Tenants in Foreclosure- update
It’s that time of month again where I pay my bills that are due on the 1st and of them the rent is always at the top of the list. Still, when you rent a home that is in foreclosure you cannot just automatically pay it like you normally would. For the last six months I have had to deal with the uneasiness of wondering when I’m going to be asked to move out of my home because of the landlords allowing it to go into foreclosure.
As I’m getting ready to get an update on the foreclosure someone drives up to my home and stares at it out their window, writes down some notes on a clipboard and snaps a photo. I’m quite sure they were hired by the bank to see if the home was still occupied and in good repair. Still, this is a very unsettling feeling to know that someone is watching you.
So today I made my (what now has become monthly) call to the trustee to find out who is entitled to my rent payment. When I called last month they said the foreclosure was on hold and the sale date was postponed to Nov 3rd. Today…no change. So I will wait to pay the rent and call back next week after the 3rd.
November 3rd is the third date that has been listed for the home to be sold at auction. Still, I have only ever received two pieces of mail from the bank or trustee and those were both last Spring notifying me that the home was to be sold at the end of August.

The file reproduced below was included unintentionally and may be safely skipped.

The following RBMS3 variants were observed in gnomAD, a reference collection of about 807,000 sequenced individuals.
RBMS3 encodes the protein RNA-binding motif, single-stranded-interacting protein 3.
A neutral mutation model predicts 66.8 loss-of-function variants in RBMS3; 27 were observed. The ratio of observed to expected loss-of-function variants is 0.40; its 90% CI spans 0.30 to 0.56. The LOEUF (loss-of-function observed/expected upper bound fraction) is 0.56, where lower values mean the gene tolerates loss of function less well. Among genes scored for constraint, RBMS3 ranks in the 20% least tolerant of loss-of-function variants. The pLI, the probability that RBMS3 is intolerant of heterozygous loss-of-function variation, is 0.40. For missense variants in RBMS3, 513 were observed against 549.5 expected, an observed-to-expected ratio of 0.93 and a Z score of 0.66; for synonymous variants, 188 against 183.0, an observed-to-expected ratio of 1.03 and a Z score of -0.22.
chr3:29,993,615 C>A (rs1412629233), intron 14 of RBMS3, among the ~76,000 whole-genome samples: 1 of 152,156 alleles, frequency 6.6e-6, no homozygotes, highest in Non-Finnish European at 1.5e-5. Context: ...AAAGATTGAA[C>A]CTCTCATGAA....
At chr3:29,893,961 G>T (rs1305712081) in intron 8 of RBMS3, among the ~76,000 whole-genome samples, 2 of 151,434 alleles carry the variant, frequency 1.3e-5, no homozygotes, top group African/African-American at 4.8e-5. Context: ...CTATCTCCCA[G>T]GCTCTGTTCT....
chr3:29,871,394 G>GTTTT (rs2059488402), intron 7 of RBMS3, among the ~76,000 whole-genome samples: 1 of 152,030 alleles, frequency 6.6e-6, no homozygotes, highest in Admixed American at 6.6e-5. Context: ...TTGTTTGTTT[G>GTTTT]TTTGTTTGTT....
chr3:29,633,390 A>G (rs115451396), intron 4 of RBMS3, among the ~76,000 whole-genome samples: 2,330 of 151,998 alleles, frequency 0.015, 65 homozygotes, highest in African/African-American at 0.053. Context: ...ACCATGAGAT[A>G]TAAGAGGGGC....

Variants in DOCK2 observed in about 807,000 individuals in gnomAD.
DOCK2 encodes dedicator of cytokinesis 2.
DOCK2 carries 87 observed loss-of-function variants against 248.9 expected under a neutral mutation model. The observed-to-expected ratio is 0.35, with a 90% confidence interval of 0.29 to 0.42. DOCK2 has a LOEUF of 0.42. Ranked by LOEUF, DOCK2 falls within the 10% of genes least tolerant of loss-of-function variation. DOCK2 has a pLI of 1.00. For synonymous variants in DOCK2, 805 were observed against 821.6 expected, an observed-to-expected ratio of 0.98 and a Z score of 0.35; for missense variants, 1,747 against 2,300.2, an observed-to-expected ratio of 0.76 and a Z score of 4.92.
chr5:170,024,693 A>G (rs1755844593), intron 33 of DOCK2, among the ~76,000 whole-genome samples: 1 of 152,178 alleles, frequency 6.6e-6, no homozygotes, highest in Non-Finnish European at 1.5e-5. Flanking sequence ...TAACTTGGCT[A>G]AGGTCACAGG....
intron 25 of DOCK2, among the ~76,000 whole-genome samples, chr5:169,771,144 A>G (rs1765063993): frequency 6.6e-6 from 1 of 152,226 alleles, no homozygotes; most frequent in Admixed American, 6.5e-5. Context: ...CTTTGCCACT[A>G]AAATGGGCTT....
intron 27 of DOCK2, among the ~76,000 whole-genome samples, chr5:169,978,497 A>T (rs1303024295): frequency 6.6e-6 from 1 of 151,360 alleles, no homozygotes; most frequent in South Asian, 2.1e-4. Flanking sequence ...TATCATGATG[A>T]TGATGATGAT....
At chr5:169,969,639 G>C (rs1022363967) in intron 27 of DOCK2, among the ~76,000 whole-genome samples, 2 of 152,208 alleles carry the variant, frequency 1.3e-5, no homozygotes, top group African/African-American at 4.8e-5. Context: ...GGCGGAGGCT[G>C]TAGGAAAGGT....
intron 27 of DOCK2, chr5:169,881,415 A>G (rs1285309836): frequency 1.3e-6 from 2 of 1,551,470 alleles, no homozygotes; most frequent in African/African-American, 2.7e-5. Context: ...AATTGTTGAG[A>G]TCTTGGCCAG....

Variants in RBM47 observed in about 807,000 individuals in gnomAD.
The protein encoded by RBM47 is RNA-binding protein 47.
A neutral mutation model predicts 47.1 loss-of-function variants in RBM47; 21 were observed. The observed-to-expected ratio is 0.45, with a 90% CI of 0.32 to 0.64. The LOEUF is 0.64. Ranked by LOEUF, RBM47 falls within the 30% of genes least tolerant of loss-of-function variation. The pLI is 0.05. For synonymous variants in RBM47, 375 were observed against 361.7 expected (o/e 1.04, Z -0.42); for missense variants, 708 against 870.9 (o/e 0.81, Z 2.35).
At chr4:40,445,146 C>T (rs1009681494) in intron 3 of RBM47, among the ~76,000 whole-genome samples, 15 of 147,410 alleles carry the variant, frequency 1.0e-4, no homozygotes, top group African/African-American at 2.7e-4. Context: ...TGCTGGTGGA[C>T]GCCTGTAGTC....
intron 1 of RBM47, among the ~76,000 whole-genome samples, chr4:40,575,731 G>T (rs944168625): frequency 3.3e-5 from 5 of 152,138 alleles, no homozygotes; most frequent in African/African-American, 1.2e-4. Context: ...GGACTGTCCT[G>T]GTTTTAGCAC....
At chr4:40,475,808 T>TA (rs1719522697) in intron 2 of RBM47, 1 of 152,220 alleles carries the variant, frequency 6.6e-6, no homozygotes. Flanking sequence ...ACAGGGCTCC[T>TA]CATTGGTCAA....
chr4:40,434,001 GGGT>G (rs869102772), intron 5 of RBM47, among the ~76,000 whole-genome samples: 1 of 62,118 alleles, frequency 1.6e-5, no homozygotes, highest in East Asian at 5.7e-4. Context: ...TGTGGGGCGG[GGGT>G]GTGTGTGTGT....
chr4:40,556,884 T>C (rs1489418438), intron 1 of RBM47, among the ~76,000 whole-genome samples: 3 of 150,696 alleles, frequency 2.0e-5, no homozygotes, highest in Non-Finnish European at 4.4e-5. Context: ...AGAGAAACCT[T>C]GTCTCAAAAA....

The new legislations requires that a tenant is notified when I home is in foreclosure, but why isn’t it required for them to update me on the status. It would seem that if the sale date was changed the tenant who lives in the home would again need to be notified.
Why doesn’t the bank provide resources for the tenant? Why is it now my responsibility to find out if the landlord actually has a right to my rent payment?
I’ve come to dislike and feel uncomfortable in my home. Still, finding a new place to call home is proving to be just as frustrating. I’ll write about that soon.